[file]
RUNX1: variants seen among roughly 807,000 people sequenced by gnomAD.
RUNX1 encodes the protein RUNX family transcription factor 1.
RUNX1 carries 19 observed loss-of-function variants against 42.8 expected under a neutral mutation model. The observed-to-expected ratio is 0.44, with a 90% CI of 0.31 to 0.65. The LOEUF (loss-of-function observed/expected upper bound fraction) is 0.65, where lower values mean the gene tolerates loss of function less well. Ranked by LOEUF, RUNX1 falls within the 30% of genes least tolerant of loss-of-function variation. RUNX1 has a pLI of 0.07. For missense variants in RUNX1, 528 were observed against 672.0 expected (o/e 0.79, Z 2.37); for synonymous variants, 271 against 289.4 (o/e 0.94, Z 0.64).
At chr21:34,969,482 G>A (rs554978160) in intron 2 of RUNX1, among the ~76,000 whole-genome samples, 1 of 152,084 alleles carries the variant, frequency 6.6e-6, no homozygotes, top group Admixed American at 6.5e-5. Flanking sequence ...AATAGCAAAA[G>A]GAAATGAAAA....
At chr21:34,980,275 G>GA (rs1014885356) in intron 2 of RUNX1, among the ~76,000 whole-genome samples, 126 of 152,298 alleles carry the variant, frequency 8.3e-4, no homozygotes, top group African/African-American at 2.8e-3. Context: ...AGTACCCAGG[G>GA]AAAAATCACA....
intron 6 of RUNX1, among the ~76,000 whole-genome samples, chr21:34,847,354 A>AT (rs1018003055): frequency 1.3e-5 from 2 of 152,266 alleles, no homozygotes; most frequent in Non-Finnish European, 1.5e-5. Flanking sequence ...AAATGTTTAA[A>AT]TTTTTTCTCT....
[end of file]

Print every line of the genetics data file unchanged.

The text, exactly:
RUNX1: variants seen among roughly 807,000 people sequenced by gnomAD.
RUNX1 encodes the protein RUNX family transcription factor 1.
RUNX1 carries 19 observed loss-of-function variants against 42.8 expected under a neutral mutation model. The observed-to-expected ratio is 0.44, with a 90% CI of 0.31 to 0.65. The LOEUF (loss-of-function observed/expected upper bound fraction) is 0.65, where lower values mean the gene tolerates loss of function less well. Ranked by LOEUF, RUNX1 falls within the 30% of genes least tolerant of loss-of-function variation. RUNX1 has a pLI of 0.07. For missense variants in RUNX1, 528 were observed against 672.0 expected (o/e 0.79, Z 2.37); for synonymous variants, 271 against 289.4 (o/e 0.94, Z 0.64).
At chr21:34,969,482 G>A (rs554978160) in intron 2 of RUNX1, among the ~76,000 whole-genome samples, 1 of 152,084 alleles carries the variant, frequency 6.6e-6, no homozygotes, top group Admixed American at 6.5e-5. Flanking sequence ...AATAGCAAAA[G>A]GAAATGAAAA....
At chr21:34,980,275 G>GA (rs1014885356) in intron 2 of RUNX1, among the ~76,000 whole-genome samples, 126 of 152,298 alleles carry the variant, frequency 8.3e-4, no homozygotes, top group African/African-American at 2.8e-3. Context: ...AGTACCCAGG[G>GA]AAAAATCACA....
intron 6 of RUNX1, among the ~76,000 whole-genome samples, chr21:34,847,354 A>AT (rs1018003055): frequency 1.3e-5 from 2 of 152,266 alleles, no homozygotes; most frequent in Non-Finnish European, 1.5e-5. Flanking sequence ...AAATGTTTAA[A>AT]TTTTTTCTCT....